Snowmobile Culture Ultimatums vs. Technology | Mountain Sledder
December 27th, 2020

Snowmobile Culture Ultimatums vs. Technology

Ultimatums are, by their very definition, supposed to be final and uncompromising.

I’m sure we have all made our own snowmobile-related ultimatums over the years. But we are quickly learning that perhaps ultimatums are anything but final.

Going back a generation I can imagine where this unbending mentality may have sowed its seed in sledder culture. I can recall the early days of oil injection and my dad explaining to a very young me how oil injection will never really catch on in the performance world as it could never be as trustworthy as mixing fuel yourself. Sure oil injection might work fine for grandpa heading out ice fishing, but if you want to be fast you need to trust your mixture. As I stood there shaking a 5 gallon can of 50:1 until my arms were about to fall off I thought, “Yeah, this is how the real riders do it! I will never use oil injection!”

Fast forward a few short years and I had my first “new” sled—a 1990 Polaris Indy 500 SKS. It was during these years that Arctic Cat had the original AWS 1 (Arctic Wishbone Suspension) on the snow and I remember actually arguing that trailing arms were a better suspension.

“I will never run A-arm suspension! It’s too heavy, it holds too much snow, trailing arms transfer the bumps to the center of the machine…” Ultimatum number two was obviously soon to fall.

Snowmobile Culture Ultimatums vs. Technology

I can only assume that in the early days of snowmobiling there were other similar ultimatums made. Somebody, somewhere, has sat around a fire pit, drinking an unnamed 80 proof toxin out of a brown paper bag and declared their love for bogie wheel rear suspensions.

“Those slide rails will never take off! They just melt! I will never run that garbage!”

Snowmobile Culture Ultimatums

“One rail instead of two? C’mon, that will never fly!” – some stubborn fool

Over the years there have been many more “I will never” ultimatums made by mountain riders, only to have technology, perception and/or riding style to prove it wrong.

“I will never ride a fuel-injected sled! It’s too complicated and you can’t fix it on the trail! I can tune it better myself.”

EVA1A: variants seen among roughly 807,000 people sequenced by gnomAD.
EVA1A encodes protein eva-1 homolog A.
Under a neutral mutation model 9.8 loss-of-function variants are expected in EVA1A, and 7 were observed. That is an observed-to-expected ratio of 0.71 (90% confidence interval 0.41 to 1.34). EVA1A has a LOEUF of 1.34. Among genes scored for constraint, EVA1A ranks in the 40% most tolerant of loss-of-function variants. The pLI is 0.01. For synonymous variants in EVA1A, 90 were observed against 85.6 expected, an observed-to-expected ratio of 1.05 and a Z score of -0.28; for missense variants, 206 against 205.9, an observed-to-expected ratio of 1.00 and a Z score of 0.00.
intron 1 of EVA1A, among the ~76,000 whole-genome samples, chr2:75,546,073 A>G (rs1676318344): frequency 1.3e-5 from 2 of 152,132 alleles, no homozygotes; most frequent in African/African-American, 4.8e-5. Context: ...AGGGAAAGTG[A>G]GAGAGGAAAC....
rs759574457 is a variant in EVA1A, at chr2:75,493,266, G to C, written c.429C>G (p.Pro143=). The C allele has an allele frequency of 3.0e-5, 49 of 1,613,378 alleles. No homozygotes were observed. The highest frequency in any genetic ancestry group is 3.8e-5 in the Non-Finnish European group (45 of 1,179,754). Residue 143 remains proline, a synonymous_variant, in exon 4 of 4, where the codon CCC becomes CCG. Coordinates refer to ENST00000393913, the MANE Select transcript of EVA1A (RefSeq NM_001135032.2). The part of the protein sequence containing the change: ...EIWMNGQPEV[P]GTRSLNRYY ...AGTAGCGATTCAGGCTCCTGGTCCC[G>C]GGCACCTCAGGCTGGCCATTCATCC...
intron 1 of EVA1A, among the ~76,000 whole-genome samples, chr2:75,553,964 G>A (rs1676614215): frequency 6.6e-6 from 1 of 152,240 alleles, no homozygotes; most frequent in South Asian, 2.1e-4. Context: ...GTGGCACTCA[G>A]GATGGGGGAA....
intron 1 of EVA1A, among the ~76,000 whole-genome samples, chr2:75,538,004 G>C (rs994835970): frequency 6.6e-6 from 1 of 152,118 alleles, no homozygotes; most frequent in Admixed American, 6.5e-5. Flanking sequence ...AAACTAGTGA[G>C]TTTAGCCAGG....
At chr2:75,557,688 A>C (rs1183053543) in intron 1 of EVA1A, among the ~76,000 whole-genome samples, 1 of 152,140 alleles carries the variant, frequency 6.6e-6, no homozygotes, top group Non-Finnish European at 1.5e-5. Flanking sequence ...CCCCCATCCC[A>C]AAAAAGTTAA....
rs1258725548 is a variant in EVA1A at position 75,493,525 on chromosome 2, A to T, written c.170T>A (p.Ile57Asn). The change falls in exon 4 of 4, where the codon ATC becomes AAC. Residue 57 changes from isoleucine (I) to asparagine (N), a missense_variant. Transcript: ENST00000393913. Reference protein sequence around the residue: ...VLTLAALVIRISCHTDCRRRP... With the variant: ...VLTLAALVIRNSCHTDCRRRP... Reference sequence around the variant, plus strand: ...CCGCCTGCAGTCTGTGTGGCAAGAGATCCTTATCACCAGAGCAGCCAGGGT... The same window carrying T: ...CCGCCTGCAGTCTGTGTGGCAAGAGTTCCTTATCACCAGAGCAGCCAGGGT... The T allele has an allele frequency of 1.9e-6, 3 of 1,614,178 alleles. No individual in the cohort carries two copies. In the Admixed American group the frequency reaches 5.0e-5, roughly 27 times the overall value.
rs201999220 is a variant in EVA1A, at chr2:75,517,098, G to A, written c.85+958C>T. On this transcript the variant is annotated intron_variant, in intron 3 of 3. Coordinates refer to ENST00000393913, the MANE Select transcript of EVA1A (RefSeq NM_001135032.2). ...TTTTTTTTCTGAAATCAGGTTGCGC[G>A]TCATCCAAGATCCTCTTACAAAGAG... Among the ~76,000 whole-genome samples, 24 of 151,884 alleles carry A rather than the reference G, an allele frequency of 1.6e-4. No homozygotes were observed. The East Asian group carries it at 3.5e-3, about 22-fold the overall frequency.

Anyone who’s experienced the power, responsiveness and consistent performance of the 850 Patriot engine will agree that fuel injection is maybe not so bad after all.

Ease of use, reliability and emissions all pushed the fuel injection technology and there are people on the snow today who have never even ridden a carb’d sled. It’s hard to believe but there is actually a better way than pouring gas all over your hands on the side of the trail to change jets for maximum performance. Technology 4 – Ultimatum zero.

“I will never have reverse! It adds so much weight!”

Electronic reverse has made sure that we no longer have to play tough-guy and drag our sleds around like a tractor tire in a strong-man competition.

“I will never have electric start! It adds too much weight”

This ultimatum is in the state of transition as you read this. There are still many that won’t add the extra weight but technology like the Ski-Doo SHOT system will make this decision easy for us. Soon we will all be missing the days of fumbling for a pull cord tied to a big, high compression engine while holding your sled on its side halfway down a tree well. Technology 6 – Ultimatums still zero.

Snowmobile Culture Ultimatums

Technological advancements tend to surprise us by fixing a problem we never realized existed or showing us a new path forward. Sometimes we just get smarter and realize that the “machismo” of using outdated tech is finally replaced by the fact that our energy can be better used actually riding our sleds instead. Sure there are usually growing pains, but once tech gets it right we all stand to gain.


Snowmobile Culture Ultimatums 03
A factory 2-stroke turbo sled is a bad idea, said no one ever.

Ultimatums are supposed to be unbending and uncompromising, but technology likes to prove us wrong. No matter how attached we are to a way of life, technology can and will bring change.

Nowadays, we hear the next ultimatum pretty regularly.

“I will never ride an electric sled. They are too heavy! It’s not reliable! I can’t fix it on the trail!”

Now where have we heard these arguments before? Technology 7 – Ultimatums zero.


– Marty

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